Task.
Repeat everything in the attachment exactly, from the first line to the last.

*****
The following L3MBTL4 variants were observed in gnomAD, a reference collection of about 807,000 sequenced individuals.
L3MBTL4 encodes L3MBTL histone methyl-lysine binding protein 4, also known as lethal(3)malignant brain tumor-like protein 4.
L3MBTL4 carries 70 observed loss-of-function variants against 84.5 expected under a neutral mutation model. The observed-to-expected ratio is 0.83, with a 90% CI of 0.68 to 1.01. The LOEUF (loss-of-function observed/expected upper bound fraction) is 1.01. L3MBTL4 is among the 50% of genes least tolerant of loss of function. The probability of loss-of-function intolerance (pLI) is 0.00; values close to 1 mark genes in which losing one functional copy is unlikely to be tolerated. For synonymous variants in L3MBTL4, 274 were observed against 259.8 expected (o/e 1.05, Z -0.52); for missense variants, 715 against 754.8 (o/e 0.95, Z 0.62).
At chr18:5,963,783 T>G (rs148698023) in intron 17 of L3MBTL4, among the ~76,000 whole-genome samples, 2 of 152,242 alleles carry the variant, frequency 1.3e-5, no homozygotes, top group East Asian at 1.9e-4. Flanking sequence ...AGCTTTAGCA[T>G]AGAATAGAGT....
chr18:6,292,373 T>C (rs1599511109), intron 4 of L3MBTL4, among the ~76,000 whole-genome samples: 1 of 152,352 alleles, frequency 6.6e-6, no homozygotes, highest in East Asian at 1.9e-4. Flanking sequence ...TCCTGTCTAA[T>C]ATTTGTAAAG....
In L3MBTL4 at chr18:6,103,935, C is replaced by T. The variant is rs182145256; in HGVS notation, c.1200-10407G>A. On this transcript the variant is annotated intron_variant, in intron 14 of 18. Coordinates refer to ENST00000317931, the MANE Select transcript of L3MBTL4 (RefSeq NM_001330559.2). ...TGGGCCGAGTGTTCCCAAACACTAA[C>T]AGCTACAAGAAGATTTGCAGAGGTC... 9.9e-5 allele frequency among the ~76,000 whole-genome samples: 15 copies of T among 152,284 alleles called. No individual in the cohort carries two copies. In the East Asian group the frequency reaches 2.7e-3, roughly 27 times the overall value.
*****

The following L3MBTL4 variants were observed in gnomAD, a reference collection of about 807,000 sequenced individuals.
L3MBTL4 encodes L3MBTL histone methyl-lysine binding protein 4, also known as lethal(3)malignant brain tumor-like protein 4.
L3MBTL4 carries 70 observed loss-of-function variants against 84.5 expected under a neutral mutation model. The observed-to-expected ratio is 0.83, with a 90% CI of 0.68 to 1.01. The LOEUF (loss-of-function observed/expected upper bound fraction) is 1.01. L3MBTL4 is among the 50% of genes least tolerant of loss of function. The probability of loss-of-function intolerance (pLI) is 0.00; values close to 1 mark genes in which losing one functional copy is unlikely to be tolerated. For synonymous variants in L3MBTL4, 274 were observed against 259.8 expected (o/e 1.05, Z -0.52); for missense variants, 715 against 754.8 (o/e 0.95, Z 0.62).
At chr18:5,963,783 T>G (rs148698023) in intron 17 of L3MBTL4, among the ~76,000 whole-genome samples, 2 of 152,242 alleles carry the variant, frequency 1.3e-5, no homozygotes, top group East Asian at 1.9e-4. Flanking sequence ...AGCTTTAGCA[T>G]AGAATAGAGT....
chr18:6,292,373 T>C (rs1599511109), intron 4 of L3MBTL4, among the ~76,000 whole-genome samples: 1 of 152,352 alleles, frequency 6.6e-6, no homozygotes, highest in East Asian at 1.9e-4. Flanking sequence ...TCCTGTCTAA[T>C]ATTTGTAAAG....
In L3MBTL4 at chr18:6,103,935, C is replaced by T. The variant is rs182145256; in HGVS notation, c.1200-10407G>A. On this transcript the variant is annotated intron_variant, in intron 14 of 18. Coordinates refer to ENST00000317931, the MANE Select transcript of L3MBTL4 (RefSeq NM_001330559.2). ...TGGGCCGAGTGTTCCCAAACACTAA[C>T]AGCTACAAGAAGATTTGCAGAGGTC... 9.9e-5 allele frequency among the ~76,000 whole-genome samples: 15 copies of T among 152,284 alleles called. No individual in the cohort carries two copies. In the East Asian group the frequency reaches 2.7e-3, roughly 27 times the overall value.